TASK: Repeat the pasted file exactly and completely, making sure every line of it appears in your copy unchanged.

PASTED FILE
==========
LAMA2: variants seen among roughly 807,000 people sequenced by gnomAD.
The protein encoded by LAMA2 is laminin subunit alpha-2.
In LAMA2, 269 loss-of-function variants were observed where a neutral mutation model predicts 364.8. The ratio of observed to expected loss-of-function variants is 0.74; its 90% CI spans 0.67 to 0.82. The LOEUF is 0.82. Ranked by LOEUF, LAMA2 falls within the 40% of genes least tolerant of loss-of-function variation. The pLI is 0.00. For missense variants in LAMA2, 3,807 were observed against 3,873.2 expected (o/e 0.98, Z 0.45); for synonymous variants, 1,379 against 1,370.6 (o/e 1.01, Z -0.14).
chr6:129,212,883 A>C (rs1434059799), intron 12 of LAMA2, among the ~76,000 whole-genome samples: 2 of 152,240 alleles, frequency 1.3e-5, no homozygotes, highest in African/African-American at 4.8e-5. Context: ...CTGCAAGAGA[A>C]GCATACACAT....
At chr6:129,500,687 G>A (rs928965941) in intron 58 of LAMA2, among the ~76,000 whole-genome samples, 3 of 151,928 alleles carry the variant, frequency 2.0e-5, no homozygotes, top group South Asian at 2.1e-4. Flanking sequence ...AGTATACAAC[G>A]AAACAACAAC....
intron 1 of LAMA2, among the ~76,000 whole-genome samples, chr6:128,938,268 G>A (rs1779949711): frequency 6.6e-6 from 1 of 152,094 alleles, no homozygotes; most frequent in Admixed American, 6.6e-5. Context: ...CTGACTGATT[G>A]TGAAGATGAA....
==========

LAMA2: variants seen among roughly 807,000 people sequenced by gnomAD.
The protein encoded by LAMA2 is laminin subunit alpha-2.
In LAMA2, 269 loss-of-function variants were observed where a neutral mutation model predicts 364.8. The ratio of observed to expected loss-of-function variants is 0.74; its 90% CI spans 0.67 to 0.82. The LOEUF is 0.82. Ranked by LOEUF, LAMA2 falls within the 40% of genes least tolerant of loss-of-function variation. The pLI is 0.00. For missense variants in LAMA2, 3,807 were observed against 3,873.2 expected (o/e 0.98, Z 0.45); for synonymous variants, 1,379 against 1,370.6 (o/e 1.01, Z -0.14).
chr6:129,212,883 A>C (rs1434059799), intron 12 of LAMA2, among the ~76,000 whole-genome samples: 2 of 152,240 alleles, frequency 1.3e-5, no homozygotes, highest in African/African-American at 4.8e-5. Context: ...CTGCAAGAGA[A>C]GCATACACAT....
At chr6:129,500,687 G>A (rs928965941) in intron 58 of LAMA2, among the ~76,000 whole-genome samples, 3 of 151,928 alleles carry the variant, frequency 2.0e-5, no homozygotes, top group South Asian at 2.1e-4. Flanking sequence ...AGTATACAAC[G>A]AAACAACAAC....
intron 1 of LAMA2, among the ~76,000 whole-genome samples, chr6:128,938,268 G>A (rs1779949711): frequency 6.6e-6 from 1 of 152,094 alleles, no homozygotes; most frequent in Admixed American, 6.6e-5. Context: ...CTGACTGATT[G>A]TGAAGATGAA....